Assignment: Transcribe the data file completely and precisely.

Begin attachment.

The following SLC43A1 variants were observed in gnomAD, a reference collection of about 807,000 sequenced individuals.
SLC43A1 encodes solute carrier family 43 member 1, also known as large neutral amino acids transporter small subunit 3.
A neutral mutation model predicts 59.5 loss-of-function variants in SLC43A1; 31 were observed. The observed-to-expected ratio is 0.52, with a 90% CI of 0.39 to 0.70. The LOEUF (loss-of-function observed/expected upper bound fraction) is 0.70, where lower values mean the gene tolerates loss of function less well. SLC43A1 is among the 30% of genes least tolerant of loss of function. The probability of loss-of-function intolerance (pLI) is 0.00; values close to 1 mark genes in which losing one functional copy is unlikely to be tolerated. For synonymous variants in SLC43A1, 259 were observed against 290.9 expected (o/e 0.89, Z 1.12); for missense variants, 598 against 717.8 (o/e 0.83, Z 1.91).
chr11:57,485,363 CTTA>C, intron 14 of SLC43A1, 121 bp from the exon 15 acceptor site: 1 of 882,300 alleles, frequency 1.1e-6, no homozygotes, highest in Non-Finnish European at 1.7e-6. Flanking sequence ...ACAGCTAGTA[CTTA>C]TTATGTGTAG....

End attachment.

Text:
The following SLC43A1 variants were observed in gnomAD, a reference collection of about 807,000 sequenced individuals.
SLC43A1 encodes solute carrier family 43 member 1, also known as large neutral amino acids transporter small subunit 3.
A neutral mutation model predicts 59.5 loss-of-function variants in SLC43A1; 31 were observed. The observed-to-expected ratio is 0.52, with a 90% CI of 0.39 to 0.70. The LOEUF (loss-of-function observed/expected upper bound fraction) is 0.70, where lower values mean the gene tolerates loss of function less well. SLC43A1 is among the 30% of genes least tolerant of loss of function. The probability of loss-of-function intolerance (pLI) is 0.00; values close to 1 mark genes in which losing one functional copy is unlikely to be tolerated. For synonymous variants in SLC43A1, 259 were observed against 290.9 expected (o/e 0.89, Z 1.12); for missense variants, 598 against 717.8 (o/e 0.83, Z 1.91).
chr11:57,485,363 CTTA>C, intron 14 of SLC43A1, 121 bp from the exon 15 acceptor site: 1 of 882,300 alleles, frequency 1.1e-6, no homozygotes, highest in Non-Finnish European at 1.7e-6. Flanking sequence ...ACAGCTAGTA[CTTA>C]TTATGTGTAG....